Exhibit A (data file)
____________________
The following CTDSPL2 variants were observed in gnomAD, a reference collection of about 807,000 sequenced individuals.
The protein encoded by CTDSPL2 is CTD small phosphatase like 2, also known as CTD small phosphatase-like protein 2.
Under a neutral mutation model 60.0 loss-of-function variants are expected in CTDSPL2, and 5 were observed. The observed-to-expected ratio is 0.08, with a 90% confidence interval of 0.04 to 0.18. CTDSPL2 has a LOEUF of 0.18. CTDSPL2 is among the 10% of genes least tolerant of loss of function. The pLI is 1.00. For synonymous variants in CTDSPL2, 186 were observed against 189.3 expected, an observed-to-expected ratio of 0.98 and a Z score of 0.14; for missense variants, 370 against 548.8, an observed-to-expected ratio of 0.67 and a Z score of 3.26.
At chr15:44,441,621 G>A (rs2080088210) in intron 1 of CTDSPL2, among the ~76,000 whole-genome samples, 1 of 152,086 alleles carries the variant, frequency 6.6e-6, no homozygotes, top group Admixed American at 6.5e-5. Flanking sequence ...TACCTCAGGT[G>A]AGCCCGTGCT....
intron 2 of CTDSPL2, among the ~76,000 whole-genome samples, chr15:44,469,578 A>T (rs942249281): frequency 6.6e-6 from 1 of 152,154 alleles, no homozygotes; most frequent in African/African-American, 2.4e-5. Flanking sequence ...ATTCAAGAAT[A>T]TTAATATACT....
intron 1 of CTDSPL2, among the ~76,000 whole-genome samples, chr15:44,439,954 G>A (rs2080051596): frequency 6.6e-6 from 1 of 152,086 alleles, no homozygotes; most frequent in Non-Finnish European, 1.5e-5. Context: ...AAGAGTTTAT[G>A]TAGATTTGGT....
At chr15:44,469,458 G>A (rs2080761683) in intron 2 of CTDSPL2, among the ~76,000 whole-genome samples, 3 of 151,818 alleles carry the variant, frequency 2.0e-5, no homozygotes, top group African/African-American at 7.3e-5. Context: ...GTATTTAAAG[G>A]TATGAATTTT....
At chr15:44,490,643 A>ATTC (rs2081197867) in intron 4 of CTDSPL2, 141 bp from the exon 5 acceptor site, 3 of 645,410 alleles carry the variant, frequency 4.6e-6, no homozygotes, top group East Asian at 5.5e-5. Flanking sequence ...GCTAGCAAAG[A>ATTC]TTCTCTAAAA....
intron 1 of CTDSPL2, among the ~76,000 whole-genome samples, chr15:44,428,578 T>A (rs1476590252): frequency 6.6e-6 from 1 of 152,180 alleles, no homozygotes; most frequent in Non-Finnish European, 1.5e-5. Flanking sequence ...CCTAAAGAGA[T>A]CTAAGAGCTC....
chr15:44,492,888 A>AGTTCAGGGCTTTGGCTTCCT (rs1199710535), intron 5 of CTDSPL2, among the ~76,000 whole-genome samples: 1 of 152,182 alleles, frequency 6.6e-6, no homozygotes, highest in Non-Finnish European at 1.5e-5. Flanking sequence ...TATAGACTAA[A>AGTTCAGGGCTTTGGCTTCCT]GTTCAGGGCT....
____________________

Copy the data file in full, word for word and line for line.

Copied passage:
The following CTDSPL2 variants were observed in gnomAD, a reference collection of about 807,000 sequenced individuals.
The protein encoded by CTDSPL2 is CTD small phosphatase like 2, also known as CTD small phosphatase-like protein 2.
Under a neutral mutation model 60.0 loss-of-function variants are expected in CTDSPL2, and 5 were observed. The observed-to-expected ratio is 0.08, with a 90% confidence interval of 0.04 to 0.18. CTDSPL2 has a LOEUF of 0.18. CTDSPL2 is among the 10% of genes least tolerant of loss of function. The pLI is 1.00. For synonymous variants in CTDSPL2, 186 were observed against 189.3 expected, an observed-to-expected ratio of 0.98 and a Z score of 0.14; for missense variants, 370 against 548.8, an observed-to-expected ratio of 0.67 and a Z score of 3.26.
At chr15:44,441,621 G>A (rs2080088210) in intron 1 of CTDSPL2, among the ~76,000 whole-genome samples, 1 of 152,086 alleles carries the variant, frequency 6.6e-6, no homozygotes, top group Admixed American at 6.5e-5. Flanking sequence ...TACCTCAGGT[G>A]AGCCCGTGCT....
intron 2 of CTDSPL2, among the ~76,000 whole-genome samples, chr15:44,469,578 A>T (rs942249281): frequency 6.6e-6 from 1 of 152,154 alleles, no homozygotes; most frequent in African/African-American, 2.4e-5. Flanking sequence ...ATTCAAGAAT[A>T]TTAATATACT....
intron 1 of CTDSPL2, among the ~76,000 whole-genome samples, chr15:44,439,954 G>A (rs2080051596): frequency 6.6e-6 from 1 of 152,086 alleles, no homozygotes; most frequent in Non-Finnish European, 1.5e-5. Context: ...AAGAGTTTAT[G>A]TAGATTTGGT....
At chr15:44,469,458 G>A (rs2080761683) in intron 2 of CTDSPL2, among the ~76,000 whole-genome samples, 3 of 151,818 alleles carry the variant, frequency 2.0e-5, no homozygotes, top group African/African-American at 7.3e-5. Context: ...GTATTTAAAG[G>A]TATGAATTTT....
At chr15:44,490,643 A>ATTC (rs2081197867) in intron 4 of CTDSPL2, 141 bp from the exon 5 acceptor site, 3 of 645,410 alleles carry the variant, frequency 4.6e-6, no homozygotes, top group East Asian at 5.5e-5. Flanking sequence ...GCTAGCAAAG[A>ATTC]TTCTCTAAAA....
intron 1 of CTDSPL2, among the ~76,000 whole-genome samples, chr15:44,428,578 T>A (rs1476590252): frequency 6.6e-6 from 1 of 152,180 alleles, no homozygotes; most frequent in Non-Finnish European, 1.5e-5. Flanking sequence ...CCTAAAGAGA[T>A]CTAAGAGCTC....
chr15:44,492,888 A>AGTTCAGGGCTTTGGCTTCCT (rs1199710535), intron 5 of CTDSPL2, among the ~76,000 whole-genome samples: 1 of 152,182 alleles, frequency 6.6e-6, no homozygotes, highest in Non-Finnish European at 1.5e-5. Flanking sequence ...TATAGACTAA[A>AGTTCAGGGCTTTGGCTTCCT]GTTCAGGGCT....